'Hello President Xi, this is Justin Trudeau from Canada.' *click*

Politics Insider for May 22: Countering China's aggression, Senate independence and putting to rest old fears of Syrian refugees

Welcome to a sneak peek of the Maclean’s Politics Insider newsletter. Sign-up at the bottom of the page to get it delivered straight to your inbox.

Canada is stepping up its campaign for Beijing to release two Canadians “arbitrarily” detained and charged with espionage in China—Michael Kovrig and Michael Spavor.

Like talking to a Great Wall: Foreign Minister Chrystia Freeland dispatched a delegation of MPs to China, led by her parliamentary secretary, Toronto MP Rob Oliphant, to make the case directly to Chinese officials that the two men should be released. The parliamentarians, from the Canada-China Legislative Association, are scheduled to be in China until May 25. What isn’t at all clear is whether anyone with anyone with authority will even meet with them. Freeland admitted she’s tried and failed repeatedly to get a meeting with her counterpart, while Prime Minister Justin Trudeau has been unable to get the ear of Chinese President Xi Jinping. “The Chinese practice seems to be to avoid, in the early stages of these kinds of standoffs, to avoid higher-level meetings,” said Freeland. (CBC News)

For his part, Canada’s former ambassador to China, Guy Saint-Jacques sees little chance anyone from Canada will be listened to: “Nobody in the Chinese government wants to meet with a Canadian minister or special envoy—even if the prime minister were to phone [Chinese] President Xi Jinping, he would not take the call.” (Global News)

Basically bullies: Back in Canada Trudeau is less enamoured with China’s “basic dictatorship” these days. In some of his toughest language since the Canada-China chill began, he said democracies around the world should not lie down and accept China’s aggressive ways: “China is making stronger moves than it has before to try and get its own way on the world stage. Western countries and democracies around the world are pulling together to point out that this is not something we need to continue to allow.” (Global News)

Chamber change-up: Last week independent Senator Paula Simons, a member of the transportation and communications committee studying the Trudeau government’s tanker ban bill, cast the deciding vote that recommended against proceeding with the bill. Writing in Maclean’s, the senator from Alberta, who Trudeau appointed last fall, explains why she voted the way she did, and what a muscular independent upper house could hold in store for Canada:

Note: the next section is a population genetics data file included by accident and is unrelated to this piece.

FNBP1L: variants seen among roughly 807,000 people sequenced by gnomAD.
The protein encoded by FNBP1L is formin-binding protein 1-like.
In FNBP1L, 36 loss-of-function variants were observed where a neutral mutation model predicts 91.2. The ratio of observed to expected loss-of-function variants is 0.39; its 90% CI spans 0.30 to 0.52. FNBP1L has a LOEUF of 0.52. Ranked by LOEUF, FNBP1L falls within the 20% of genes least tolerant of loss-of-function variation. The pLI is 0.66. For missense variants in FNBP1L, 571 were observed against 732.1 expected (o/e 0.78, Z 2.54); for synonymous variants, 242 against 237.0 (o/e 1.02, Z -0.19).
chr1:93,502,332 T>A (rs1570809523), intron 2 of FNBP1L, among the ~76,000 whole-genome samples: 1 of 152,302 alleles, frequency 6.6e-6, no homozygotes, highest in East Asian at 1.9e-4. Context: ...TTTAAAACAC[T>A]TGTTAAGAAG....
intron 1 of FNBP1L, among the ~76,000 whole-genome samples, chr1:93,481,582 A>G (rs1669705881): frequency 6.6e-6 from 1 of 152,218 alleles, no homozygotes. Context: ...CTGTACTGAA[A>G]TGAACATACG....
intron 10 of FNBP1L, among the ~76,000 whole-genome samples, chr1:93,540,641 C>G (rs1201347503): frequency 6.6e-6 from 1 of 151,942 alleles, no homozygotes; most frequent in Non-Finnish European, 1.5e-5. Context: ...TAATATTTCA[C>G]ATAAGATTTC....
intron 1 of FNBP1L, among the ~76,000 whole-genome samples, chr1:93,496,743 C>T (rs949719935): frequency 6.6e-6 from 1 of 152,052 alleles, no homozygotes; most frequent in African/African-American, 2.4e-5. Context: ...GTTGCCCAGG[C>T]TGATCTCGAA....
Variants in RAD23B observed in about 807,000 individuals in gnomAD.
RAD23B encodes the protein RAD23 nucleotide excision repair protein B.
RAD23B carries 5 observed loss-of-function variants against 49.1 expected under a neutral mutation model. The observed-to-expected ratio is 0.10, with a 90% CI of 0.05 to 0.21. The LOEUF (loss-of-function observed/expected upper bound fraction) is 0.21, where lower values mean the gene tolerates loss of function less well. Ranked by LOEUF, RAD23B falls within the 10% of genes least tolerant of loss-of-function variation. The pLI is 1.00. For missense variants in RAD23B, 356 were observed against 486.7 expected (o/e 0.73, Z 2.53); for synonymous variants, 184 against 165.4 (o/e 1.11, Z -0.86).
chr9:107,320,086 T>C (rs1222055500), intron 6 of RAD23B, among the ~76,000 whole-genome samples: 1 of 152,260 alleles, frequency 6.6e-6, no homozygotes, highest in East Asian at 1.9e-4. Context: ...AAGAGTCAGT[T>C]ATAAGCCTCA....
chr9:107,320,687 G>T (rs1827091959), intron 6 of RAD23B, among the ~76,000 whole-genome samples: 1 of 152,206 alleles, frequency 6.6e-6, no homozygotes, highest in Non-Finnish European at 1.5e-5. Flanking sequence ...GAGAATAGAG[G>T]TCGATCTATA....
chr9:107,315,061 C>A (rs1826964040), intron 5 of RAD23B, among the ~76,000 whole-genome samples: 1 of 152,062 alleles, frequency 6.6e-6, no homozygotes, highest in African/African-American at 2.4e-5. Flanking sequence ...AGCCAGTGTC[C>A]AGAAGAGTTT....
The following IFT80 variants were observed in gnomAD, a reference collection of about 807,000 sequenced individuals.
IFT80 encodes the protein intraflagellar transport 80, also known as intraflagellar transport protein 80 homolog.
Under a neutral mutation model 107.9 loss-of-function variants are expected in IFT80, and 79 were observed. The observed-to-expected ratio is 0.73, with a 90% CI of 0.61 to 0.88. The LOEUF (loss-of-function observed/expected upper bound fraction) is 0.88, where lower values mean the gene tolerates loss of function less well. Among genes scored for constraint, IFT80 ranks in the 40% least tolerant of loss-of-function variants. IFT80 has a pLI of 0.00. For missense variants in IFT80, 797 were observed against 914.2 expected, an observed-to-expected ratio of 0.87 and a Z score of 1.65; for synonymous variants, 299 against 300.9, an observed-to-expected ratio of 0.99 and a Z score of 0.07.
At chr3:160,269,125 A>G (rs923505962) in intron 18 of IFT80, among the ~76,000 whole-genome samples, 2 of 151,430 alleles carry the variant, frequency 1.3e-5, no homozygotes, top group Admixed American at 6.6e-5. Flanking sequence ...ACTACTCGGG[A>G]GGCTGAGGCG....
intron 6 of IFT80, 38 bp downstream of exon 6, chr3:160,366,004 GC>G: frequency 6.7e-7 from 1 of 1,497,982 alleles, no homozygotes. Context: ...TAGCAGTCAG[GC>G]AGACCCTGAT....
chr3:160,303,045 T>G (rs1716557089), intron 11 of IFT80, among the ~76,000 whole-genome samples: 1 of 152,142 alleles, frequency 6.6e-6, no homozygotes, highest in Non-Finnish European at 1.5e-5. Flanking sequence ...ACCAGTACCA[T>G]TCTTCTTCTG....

Thanks to alphabetical order, I was the last senator to vote, which heightened the melodrama. And the shock. The cognitive dissonance was so extreme, conservative keyboard warriors went on excoriating me for days on Twitter, accusing me of being a shameless shill who sold out my province, accusing me of hating Alberta. They just couldn’t wrap their heads around the fact that I’d voted against the bill they loathed. Neither could those who had confidently expected me to vote for C-48—among them, many of my Independent colleagues. (Maclean’s)

Integration: Syrian refugees who fled to Canada after the outbreak of civil war were forced to overcome serious language and employment barriers. But nearly four years after the influx of refugees became the defining issue of the 2015 federal election, how are the 50,000 Syrians who came to Canada since then faring today? Writing in the June issue of Maclean’s, Peter Shawn Taylor examines the stories and statistics of those refugees and finds the early fears about how thousands of new families would cope were misplaced. (Maclean’s)

Out of the running: Independent Saskatchewan MP Erin Weir said he was approached by “some other party leaders and other MPs” about running for them in this fall’s election, but in the end he’s decided now to seek re-election. Jagmeet Singh booted Weir from the NDP caucus after a third-party investigation backed up allegations of harassment and sexual harassment, though Weir has always said the allegations were unfounded. He decided not to run for a rival party, he said, because “my candidacy under another banner this year would not help to maintain progressive representation” for Saskatchewan in Ottawa. (CTV News)

Maxime Bernier‘s latest candidate for his People’s Party wants you to know a few things—9/11 was an inside job, pizza gate was a way to mask the real Clinton pedophile ring and poor Donald Trump is a victim of the ‘deep state’. Ken Pereira, who was a star witness in the Quebec corruption inquiry of a few years back, will be Bernier’s man in Portneuf–Jacques-Cartier, the riding northwest of Quebec City. (CBC News)